The Global nonwoven fabrics market is expected to reach a whopping $62 Billion by 2026, up from $38 Billion in 2020. The major growth drivers here are increasing applications in the healthcare industry and increasing demand for electric vehicles.
Nonwoven fabric is used to make various products across industries. For example, nonwovens in the healthcare (or Hygiene & Safety) industry are seen in surgical gowns, aprons, face mask components, and wound dressings. They are also used in hygiene products like sanitary towels, baby diapers, and napkin liners. In addition, nonwovens are used for temperature and sound insulation, seating, and liners for the roof and wheel arches in the automotive industry.
The nonwoven fabric market is highly competitive and fragmented, comprising multiple large and small players. For example, in 2021, the top six players accounted for over 22% of the global market. In other words, it’s not a consolidated market where only a few significant players dominate.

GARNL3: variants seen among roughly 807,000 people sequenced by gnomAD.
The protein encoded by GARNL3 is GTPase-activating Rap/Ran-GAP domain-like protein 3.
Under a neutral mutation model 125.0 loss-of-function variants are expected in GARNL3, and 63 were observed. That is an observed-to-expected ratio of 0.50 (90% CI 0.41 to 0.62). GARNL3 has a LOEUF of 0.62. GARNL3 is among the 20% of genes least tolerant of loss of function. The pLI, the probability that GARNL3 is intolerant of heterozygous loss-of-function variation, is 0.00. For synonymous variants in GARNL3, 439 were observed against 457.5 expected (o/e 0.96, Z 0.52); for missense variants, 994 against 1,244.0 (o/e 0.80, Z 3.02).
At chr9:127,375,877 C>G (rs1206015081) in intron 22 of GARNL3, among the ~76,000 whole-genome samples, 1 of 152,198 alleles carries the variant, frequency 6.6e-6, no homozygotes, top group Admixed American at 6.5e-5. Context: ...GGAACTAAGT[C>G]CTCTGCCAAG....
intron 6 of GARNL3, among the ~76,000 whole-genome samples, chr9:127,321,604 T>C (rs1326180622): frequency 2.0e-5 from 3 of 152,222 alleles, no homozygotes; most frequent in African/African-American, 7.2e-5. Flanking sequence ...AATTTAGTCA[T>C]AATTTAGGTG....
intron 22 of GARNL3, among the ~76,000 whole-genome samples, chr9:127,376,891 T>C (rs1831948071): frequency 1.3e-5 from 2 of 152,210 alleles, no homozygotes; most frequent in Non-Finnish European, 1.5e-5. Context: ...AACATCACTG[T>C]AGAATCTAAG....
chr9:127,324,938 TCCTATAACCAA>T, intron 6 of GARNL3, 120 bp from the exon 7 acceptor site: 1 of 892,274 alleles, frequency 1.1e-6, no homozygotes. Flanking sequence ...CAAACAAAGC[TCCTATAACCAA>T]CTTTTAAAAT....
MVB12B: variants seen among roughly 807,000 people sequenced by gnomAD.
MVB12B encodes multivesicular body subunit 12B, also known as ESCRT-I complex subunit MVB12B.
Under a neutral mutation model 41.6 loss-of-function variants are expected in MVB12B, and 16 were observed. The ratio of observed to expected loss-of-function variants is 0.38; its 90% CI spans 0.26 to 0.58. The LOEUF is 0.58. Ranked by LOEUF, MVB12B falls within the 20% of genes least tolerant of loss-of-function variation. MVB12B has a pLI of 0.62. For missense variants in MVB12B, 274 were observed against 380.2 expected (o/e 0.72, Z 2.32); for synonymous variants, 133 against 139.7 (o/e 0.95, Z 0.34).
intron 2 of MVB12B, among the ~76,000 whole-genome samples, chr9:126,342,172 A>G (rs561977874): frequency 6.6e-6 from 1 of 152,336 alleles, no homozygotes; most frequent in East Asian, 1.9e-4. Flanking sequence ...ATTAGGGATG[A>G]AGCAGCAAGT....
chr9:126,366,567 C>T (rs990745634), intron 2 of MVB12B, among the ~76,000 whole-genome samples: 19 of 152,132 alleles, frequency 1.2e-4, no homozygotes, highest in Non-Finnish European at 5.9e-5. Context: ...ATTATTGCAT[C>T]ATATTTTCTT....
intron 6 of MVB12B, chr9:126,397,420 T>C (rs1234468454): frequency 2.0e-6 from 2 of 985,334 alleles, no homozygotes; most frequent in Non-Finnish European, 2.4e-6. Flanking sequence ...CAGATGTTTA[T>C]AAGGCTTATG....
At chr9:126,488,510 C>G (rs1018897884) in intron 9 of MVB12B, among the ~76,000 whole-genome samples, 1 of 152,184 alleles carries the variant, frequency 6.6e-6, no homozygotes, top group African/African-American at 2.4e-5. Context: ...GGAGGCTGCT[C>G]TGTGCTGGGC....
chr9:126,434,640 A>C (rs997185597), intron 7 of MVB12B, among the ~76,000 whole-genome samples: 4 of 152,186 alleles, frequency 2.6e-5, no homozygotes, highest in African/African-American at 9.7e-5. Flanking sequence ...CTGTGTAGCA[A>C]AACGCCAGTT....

We’ve used revenue and significance (contribution) to the nonwoven industry in determining a company’s rank.
When it comes to nonwoven manufacturers, Greycon offers trim optimisation, planning & scheduling and MES solutions aimed at delivering improvements in production efficiencies, material management, sustainability and profitability for nonwovens manufacturers. You can learn more about Greycon’s solution within the nonwovens industry here.
Kicking off with number one, we have the internationally recognised Berry Global. The company’s annual revenue for 2021 was $13.85 billion, an impressive 18.29% increase from 2020. More specifically the company’s sales for the Health, Hygiene, and Specialty business segment (the nonwoven products segment), accounted for 23% of their net sales.
As a leading global nonwoven manufacturer, they produce a variety of products for the babycare, healthcare, cleaning, construction, and agriculture sectors. Material products include Spunbond PP Landscape Fabric, Everist Nanofiber Nonwoven, CottonLoft, and more.
2021 was an excellent year for the German-based nonwovens manufacturer, with sales and profits considerably higher than in 2020. For example, at €10,038.7 million, sales were significantly above the previous year’s figure of €8,840.8 million.